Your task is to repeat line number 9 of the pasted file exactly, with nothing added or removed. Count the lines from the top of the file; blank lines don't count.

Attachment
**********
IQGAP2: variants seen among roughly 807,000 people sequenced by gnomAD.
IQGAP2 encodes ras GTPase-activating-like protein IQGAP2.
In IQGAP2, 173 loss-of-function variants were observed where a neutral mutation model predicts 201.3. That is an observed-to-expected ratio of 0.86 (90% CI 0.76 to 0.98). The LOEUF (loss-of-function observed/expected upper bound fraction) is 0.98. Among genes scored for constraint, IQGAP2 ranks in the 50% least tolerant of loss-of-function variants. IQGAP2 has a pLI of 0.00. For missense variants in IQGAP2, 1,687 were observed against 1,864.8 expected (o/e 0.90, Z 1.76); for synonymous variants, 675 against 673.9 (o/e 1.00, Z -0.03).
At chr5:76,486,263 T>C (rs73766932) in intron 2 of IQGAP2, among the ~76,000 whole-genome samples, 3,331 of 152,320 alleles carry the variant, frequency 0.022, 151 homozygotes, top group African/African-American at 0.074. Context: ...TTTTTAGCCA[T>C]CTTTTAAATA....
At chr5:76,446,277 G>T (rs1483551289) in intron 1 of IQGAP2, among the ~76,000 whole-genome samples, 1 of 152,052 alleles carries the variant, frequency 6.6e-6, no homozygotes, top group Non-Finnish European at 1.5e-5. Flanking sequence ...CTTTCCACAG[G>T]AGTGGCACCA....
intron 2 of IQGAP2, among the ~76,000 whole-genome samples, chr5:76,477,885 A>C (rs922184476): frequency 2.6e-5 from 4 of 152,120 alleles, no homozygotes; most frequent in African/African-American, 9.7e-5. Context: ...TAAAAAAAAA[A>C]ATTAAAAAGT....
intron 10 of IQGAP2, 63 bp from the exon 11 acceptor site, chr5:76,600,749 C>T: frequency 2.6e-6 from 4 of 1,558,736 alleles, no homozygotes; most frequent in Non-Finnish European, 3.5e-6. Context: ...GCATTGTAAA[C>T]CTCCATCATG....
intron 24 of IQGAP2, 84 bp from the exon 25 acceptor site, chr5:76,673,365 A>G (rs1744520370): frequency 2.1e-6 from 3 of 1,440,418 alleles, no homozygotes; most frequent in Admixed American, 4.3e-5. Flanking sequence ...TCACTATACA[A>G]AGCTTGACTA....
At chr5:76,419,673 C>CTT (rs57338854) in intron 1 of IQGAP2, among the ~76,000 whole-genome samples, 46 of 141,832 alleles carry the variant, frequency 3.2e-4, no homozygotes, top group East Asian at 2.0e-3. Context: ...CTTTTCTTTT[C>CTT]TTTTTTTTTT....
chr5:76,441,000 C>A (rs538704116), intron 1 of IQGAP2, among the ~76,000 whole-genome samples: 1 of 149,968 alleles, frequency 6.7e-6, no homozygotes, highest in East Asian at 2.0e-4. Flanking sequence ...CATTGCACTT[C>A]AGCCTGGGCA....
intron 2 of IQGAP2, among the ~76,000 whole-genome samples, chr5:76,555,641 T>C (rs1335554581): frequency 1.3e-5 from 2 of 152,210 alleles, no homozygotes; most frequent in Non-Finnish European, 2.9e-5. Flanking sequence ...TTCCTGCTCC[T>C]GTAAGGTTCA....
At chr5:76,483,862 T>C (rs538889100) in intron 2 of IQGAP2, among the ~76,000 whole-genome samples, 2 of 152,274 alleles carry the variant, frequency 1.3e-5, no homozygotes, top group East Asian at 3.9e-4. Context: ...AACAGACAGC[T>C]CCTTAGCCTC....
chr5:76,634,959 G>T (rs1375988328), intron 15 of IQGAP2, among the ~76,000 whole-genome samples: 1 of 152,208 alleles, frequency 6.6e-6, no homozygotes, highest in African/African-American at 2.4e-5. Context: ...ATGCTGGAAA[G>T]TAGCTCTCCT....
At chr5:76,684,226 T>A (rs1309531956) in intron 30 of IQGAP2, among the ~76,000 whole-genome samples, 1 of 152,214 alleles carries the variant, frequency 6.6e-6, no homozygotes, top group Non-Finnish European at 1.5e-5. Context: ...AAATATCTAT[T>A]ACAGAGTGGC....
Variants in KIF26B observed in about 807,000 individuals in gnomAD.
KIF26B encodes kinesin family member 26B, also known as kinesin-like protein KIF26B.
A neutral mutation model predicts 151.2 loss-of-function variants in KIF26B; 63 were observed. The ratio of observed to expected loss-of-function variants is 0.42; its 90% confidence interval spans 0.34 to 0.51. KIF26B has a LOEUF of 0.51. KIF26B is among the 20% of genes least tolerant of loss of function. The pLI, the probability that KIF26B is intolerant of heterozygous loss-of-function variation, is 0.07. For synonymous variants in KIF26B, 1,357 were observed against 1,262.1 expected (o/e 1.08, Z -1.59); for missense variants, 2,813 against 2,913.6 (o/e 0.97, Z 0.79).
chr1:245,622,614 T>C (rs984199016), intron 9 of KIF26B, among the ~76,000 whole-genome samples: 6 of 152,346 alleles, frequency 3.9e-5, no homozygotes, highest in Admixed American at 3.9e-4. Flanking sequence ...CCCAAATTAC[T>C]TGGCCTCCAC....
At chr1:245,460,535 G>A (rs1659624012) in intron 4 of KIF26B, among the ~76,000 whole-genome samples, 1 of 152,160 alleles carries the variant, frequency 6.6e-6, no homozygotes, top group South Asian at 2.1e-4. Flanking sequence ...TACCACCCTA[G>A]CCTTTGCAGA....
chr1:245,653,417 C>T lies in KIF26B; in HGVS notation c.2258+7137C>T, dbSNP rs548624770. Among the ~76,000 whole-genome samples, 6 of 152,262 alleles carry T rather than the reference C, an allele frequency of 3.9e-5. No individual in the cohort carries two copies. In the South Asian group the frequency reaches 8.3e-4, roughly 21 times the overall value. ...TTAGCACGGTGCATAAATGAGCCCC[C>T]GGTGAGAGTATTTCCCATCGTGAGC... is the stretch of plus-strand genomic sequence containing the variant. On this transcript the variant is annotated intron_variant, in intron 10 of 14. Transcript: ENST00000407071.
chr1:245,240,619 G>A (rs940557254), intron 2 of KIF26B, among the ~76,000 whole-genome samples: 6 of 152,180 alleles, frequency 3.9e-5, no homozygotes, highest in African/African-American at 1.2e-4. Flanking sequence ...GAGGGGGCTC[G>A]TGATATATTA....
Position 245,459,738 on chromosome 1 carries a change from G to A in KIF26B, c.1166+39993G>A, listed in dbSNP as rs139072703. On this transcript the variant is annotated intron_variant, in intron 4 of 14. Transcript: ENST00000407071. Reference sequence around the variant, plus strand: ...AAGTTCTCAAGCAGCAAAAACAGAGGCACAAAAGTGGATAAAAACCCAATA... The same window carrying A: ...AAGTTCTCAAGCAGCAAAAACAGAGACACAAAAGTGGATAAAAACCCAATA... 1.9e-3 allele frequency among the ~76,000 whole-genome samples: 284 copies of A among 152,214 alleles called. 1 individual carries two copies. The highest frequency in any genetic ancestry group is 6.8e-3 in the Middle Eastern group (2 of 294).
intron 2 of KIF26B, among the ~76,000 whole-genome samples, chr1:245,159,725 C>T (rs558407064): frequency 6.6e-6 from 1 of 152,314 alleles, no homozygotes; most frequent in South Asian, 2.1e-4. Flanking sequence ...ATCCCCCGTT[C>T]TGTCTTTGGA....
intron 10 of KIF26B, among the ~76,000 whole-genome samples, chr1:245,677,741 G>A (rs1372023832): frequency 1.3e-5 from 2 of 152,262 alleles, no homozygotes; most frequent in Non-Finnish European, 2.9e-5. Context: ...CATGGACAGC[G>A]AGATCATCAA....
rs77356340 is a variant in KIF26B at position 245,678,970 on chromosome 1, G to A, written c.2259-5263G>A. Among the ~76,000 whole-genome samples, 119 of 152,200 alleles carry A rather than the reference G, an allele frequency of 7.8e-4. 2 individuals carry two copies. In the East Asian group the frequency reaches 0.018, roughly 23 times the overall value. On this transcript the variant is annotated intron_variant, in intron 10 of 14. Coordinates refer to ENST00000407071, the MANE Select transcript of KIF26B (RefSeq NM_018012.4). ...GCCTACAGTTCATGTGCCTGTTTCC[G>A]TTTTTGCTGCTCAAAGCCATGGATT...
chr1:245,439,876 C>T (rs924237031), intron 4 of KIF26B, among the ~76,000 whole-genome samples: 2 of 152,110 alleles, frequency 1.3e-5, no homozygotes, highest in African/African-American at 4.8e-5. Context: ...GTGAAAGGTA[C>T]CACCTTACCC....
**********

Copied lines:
At chr5:76,419,673 C>CTT (rs57338854) in intron 1 of IQGAP2, among the ~76,000 whole-genome samples, 46 of 141,832 alleles carry the variant, frequency 3.2e-4, no homozygotes, top group East Asian at 2.0e-3. Context: ...CTTTTCTTTT[C>CTT]TTTTTTTTTT....